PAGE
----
21. November 2013 06:40
I grew up in the UK and had a paper route during the 1980s. The Daily Telegraph was (and still is) a very right wing, Conservative broadsheet newspaper, which I would typically deliver only to the larger houses with fancier cars, while the more 'common folk' would get the Daily Mail, Daily Express, The Sun, etc. Perhaps it is a little unfair, but to this day, I still picture the readers and writers of the Daily Telegraph as looking a lot like Harry Enfield and Paul Whitehouse in their old Boys' club sketches:
Harry & Paul © 2012 The BBC. All rights reserved.
Eric Shorter, the critic the Telegraph sent to review The Empire Strikes Back, does little to dissuade me from this bias with his review, which was published on May 23, 1980. Attempting to remain aloof throughout, as if the whole film is beneath him and his intellect is being wasted by having to sit through this twoddle, he belittles the melodrama writing: "There is talk of trilogies and myths and legends as if the enterprise had classical aspirations." I'm not sure that the movies aspired to be classical but they certainly draw upon many classical stories - the whole "villain turns out to be the hero's father" is straight out of Greek mythology, and Han Solo being encased in carbonite is like a futuristic update of the classic fairy tale Sleeping Beauty.
However, having admitted that he never saw the film's "famous predecessor", Star Wars, you have to wonder why they sent him. And this raises another interesting question that I had never considered before: can The Empire Strikes Back stand alone or can it only be viewed as a sequel, part of the trilogy. Obviously having seen the whole trilogy you can watch and appreciate any of the films at any time, but if you had never seen Star Wars and really didn't have any idea what it was all about, could you still enjoy The Empire Strikes Back? I would argue that if you saw it when you were about 10 years old, you would still love it, but if you were older and perhaps you had seen some of the poorer imitations that followed Star Wars, you might not have been so taken with this movie either. Just putting that out there...
Star Wars: The Empire Strikes Back
By Eric Shorter
“If there's no meaning in it,” said the King to Alice, “that saves a world of trouble, you know, as we needn’t try to find any.” In the same spirit of baffled but cheerful resignation the filmgoer is advised not to worry about what’s going on in Irving Kershner’s The Empire Strikes Back. To do so would probably prove as dismaying as the makers’ grandiloquent attitude to this follow-up of “Star Wars.”
For they assure us that their latest offering is only episode five in a nine-part saga and that although we haven’t yet had the first three parts they will all reach us in good time. There is talk of trilogies and myths and legends as if the enterprise had classical aspirations.
Meanwhile what we get on the screen is the usual emphatic pride in machinery and paucity of characterisation that marks so much space fiction. Who are these people? What are they up to? Why is it so hard to care what happens to them? If you ever saw and committed to memory “Star Wars” such questions may seem naively exacting, since this episode reintroduces many of the figures and fantasies from the earlier film.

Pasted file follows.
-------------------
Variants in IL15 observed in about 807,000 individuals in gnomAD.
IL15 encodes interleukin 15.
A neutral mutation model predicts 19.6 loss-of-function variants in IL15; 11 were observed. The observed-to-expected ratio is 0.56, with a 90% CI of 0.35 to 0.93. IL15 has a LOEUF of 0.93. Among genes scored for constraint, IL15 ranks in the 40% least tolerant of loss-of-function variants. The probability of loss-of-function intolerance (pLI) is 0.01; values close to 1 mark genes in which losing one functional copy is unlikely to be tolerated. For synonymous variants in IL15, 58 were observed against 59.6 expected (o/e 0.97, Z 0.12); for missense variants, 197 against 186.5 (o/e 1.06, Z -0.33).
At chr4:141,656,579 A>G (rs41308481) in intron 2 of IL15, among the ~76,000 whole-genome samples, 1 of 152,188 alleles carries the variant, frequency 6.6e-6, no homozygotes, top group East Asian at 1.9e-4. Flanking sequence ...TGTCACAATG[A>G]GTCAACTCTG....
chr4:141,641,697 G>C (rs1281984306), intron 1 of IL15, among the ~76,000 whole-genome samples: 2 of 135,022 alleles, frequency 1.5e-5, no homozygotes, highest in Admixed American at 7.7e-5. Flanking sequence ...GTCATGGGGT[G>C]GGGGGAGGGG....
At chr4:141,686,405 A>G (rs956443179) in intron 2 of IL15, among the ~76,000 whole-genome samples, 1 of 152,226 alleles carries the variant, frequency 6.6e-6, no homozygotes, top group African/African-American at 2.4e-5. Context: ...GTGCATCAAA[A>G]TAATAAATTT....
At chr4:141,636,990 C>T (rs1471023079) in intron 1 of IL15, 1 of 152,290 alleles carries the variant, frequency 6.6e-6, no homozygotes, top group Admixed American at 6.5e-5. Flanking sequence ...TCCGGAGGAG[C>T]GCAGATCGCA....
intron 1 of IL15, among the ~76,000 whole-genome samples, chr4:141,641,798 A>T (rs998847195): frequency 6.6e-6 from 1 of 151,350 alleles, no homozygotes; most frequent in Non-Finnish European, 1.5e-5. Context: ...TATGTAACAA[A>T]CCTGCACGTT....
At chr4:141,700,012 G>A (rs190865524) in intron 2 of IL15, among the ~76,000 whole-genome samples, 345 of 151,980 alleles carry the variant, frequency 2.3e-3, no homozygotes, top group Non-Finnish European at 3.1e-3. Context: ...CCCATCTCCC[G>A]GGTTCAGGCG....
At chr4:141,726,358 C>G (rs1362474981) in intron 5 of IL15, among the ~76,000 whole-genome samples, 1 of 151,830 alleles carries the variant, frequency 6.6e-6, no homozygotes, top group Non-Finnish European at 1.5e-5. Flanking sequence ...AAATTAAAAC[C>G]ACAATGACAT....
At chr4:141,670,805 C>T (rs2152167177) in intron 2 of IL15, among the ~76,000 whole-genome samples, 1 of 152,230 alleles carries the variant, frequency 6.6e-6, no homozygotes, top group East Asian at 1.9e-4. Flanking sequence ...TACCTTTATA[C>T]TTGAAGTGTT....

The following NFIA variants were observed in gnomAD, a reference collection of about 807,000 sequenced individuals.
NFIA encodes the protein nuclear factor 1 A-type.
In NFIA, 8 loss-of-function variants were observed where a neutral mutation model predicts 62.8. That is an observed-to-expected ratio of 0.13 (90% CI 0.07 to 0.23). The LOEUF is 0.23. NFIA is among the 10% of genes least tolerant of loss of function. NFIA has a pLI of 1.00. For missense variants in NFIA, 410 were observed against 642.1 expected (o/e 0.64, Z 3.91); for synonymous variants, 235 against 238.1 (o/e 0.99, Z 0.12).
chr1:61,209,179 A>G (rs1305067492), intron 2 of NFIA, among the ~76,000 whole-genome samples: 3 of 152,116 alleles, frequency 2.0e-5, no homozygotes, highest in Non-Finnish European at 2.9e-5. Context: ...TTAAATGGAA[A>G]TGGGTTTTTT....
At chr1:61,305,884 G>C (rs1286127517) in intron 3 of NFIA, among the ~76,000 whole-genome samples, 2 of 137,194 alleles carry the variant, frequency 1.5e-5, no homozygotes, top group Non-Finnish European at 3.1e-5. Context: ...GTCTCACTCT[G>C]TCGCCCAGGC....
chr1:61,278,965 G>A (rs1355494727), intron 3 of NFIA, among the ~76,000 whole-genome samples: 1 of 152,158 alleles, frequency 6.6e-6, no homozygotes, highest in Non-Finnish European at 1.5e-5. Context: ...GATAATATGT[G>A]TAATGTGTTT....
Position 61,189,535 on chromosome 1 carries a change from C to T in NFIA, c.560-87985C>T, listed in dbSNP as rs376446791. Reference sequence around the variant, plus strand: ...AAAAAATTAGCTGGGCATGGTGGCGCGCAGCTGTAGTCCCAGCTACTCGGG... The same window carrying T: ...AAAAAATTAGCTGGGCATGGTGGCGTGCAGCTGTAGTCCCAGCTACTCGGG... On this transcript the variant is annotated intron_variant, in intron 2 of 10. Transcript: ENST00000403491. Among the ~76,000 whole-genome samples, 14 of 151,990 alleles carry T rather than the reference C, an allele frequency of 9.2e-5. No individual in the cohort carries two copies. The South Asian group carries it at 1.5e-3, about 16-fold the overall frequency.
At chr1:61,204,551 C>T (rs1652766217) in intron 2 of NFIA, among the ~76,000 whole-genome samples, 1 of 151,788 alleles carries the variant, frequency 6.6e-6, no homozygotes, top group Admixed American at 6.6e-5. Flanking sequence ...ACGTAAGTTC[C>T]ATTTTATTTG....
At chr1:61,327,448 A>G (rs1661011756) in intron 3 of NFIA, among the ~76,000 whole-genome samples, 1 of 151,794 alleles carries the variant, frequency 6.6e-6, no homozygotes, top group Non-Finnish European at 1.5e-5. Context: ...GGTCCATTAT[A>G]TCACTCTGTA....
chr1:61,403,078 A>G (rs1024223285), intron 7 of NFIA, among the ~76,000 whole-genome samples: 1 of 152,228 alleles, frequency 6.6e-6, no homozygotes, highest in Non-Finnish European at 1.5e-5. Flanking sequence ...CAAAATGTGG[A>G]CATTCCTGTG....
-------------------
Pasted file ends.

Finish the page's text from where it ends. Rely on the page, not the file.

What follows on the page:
But having somewhat advertently missed the famous predecessor I had to take for granted the motives and the cues for passion in a fable of such fantasy that one quickly understands what the advocates of it mean by its appeal to children of all ages. It is violent. It is conventional. It is not without humour of the cosy Enid Blyton kind. And it is devoid of blood.
It is also of course for that reason devoid of feeling, and since some of the more engaging figures are not properly-speaking human beings but designers’ inventions it is not surprising if our affections tend towards the rude mechanicals, so to speak: the grotesque animals, the robots and the furry assistants who might be fugitives from “The Wind In The Willows” or “The Tempest” or “A Midsummer Night’s Dream.”
But it is hard to place one’s affections anywhere in a world which is ruled by buttons and dials, computers and bleeps, and people whose conversation is so technical, inaudible or dull that it might be better if the film gave up the idea of dialogue and settled for subtitles where necessary; though John Williams’s music sustains its imperialist theme with the kind of trumpeted fervour familiar in Shakespeare’s histories.
The thing that keeps us watching throughout the two rowdy hours is not the progress of the galactic war or the fortunes of the participants nor the sense of danger as they hurl through space or find themselves trapped by Dalek-like tricksters. What makes the time pass bearably is the decor. The special visual effects by Brian Johnson and Richard Edlund, with Norman Reynolds as production designer, create a constant source of fascination and charm to take our minds off the mindlessness of the foreground doings by the goodies and the baddies in their aerial quarrel.
Some of the sub-human creatures (in particular a big-eared gnomic Muppet with the sad expression of Peter Lorre) make you wonder why the film wasn’t conceived completely as a cartoon since the adventures bring us weapons which take almost human form (tanks on spindly legs picking their way across no man’s land like flamingos) and the hand-to-hand duelling is done with laser swords.
The Telegraph's original 1977 review of Star Wars is also online, in which reviewer Robbie Collin describes Star Wars as "one of the most exciting [science fiction films] ever made" and predicts that "People aged between seven and 70 will be jamming the box office." Perhaps not all Telegraph writers were old fuddy duddies after all.